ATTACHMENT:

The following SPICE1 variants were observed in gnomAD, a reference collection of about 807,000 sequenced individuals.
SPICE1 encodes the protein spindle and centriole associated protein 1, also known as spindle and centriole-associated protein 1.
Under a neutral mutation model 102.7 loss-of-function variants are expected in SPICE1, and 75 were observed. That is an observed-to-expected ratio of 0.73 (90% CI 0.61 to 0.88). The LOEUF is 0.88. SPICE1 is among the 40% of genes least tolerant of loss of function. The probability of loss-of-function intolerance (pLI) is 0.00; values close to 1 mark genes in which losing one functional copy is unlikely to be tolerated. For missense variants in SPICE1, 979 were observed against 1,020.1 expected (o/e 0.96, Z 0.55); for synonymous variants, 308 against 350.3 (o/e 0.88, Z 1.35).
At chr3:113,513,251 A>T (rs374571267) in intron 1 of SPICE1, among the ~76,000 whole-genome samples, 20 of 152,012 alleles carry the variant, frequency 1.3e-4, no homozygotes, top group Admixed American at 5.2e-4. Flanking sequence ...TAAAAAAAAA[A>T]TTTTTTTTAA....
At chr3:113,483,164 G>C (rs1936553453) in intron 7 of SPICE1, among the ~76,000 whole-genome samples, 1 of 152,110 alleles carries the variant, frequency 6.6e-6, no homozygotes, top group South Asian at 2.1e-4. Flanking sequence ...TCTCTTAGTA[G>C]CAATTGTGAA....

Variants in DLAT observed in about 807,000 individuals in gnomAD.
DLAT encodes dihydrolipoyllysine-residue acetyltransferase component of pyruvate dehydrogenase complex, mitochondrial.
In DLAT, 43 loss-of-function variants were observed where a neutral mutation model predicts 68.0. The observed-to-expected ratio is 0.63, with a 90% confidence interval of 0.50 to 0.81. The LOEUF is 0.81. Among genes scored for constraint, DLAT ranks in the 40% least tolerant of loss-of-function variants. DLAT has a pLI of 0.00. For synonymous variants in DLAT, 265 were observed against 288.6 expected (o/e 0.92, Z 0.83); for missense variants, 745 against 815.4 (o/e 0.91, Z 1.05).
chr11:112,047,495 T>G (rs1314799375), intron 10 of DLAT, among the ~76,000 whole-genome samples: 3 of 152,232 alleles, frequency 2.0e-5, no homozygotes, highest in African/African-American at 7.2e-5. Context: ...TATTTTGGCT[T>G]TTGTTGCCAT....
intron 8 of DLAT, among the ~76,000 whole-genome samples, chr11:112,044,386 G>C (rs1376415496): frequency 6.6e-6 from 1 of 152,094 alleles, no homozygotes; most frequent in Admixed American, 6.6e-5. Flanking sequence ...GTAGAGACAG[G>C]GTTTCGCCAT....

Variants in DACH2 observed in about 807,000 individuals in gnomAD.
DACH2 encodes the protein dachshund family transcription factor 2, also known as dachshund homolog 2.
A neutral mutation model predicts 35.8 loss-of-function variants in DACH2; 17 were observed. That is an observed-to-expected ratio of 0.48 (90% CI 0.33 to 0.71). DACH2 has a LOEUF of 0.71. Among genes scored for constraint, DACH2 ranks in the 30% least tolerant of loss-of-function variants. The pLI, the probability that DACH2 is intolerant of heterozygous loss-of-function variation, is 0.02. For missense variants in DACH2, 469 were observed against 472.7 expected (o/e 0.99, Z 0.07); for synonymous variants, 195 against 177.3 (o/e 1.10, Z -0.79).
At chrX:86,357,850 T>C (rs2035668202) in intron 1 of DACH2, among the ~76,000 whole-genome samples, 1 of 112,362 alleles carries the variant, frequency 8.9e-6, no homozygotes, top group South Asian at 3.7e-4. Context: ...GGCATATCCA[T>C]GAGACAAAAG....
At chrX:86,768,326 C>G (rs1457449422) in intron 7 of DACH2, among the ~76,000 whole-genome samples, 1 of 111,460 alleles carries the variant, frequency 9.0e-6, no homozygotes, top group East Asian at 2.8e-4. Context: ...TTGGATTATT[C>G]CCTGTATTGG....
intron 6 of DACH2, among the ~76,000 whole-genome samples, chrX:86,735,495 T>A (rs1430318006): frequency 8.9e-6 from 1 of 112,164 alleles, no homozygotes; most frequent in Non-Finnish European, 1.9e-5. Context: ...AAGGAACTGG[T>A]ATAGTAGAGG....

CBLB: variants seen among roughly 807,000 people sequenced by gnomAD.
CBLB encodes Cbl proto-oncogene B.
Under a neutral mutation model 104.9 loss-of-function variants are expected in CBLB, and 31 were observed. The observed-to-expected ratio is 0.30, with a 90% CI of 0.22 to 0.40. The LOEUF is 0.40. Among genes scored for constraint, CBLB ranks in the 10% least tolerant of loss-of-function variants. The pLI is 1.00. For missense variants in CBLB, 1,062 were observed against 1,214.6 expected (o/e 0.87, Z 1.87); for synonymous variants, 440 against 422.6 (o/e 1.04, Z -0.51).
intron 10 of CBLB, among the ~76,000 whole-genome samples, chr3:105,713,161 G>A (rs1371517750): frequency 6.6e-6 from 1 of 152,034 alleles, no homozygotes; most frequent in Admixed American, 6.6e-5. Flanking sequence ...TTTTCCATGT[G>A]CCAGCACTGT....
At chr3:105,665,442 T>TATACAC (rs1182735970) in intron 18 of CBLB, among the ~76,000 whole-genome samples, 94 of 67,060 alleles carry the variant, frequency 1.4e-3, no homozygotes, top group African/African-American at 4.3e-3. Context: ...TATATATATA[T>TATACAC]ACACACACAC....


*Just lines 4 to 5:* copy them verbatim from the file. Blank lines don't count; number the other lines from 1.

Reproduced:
At chr3:113,513,251 A>T (rs374571267) in intron 1 of SPICE1, among the ~76,000 whole-genome samples, 20 of 152,012 alleles carry the variant, frequency 1.3e-4, no homozygotes, top group Admixed American at 5.2e-4. Flanking sequence ...TAAAAAAAAA[A>T]TTTTTTTTAA....
At chr3:113,483,164 G>C (rs1936553453) in intron 7 of SPICE1, among the ~76,000 whole-genome samples, 1 of 152,110 alleles carries the variant, frequency 6.6e-6, no homozygotes, top group South Asian at 2.1e-4. Flanking sequence ...TCTCTTAGTA[G>C]CAATTGTGAA....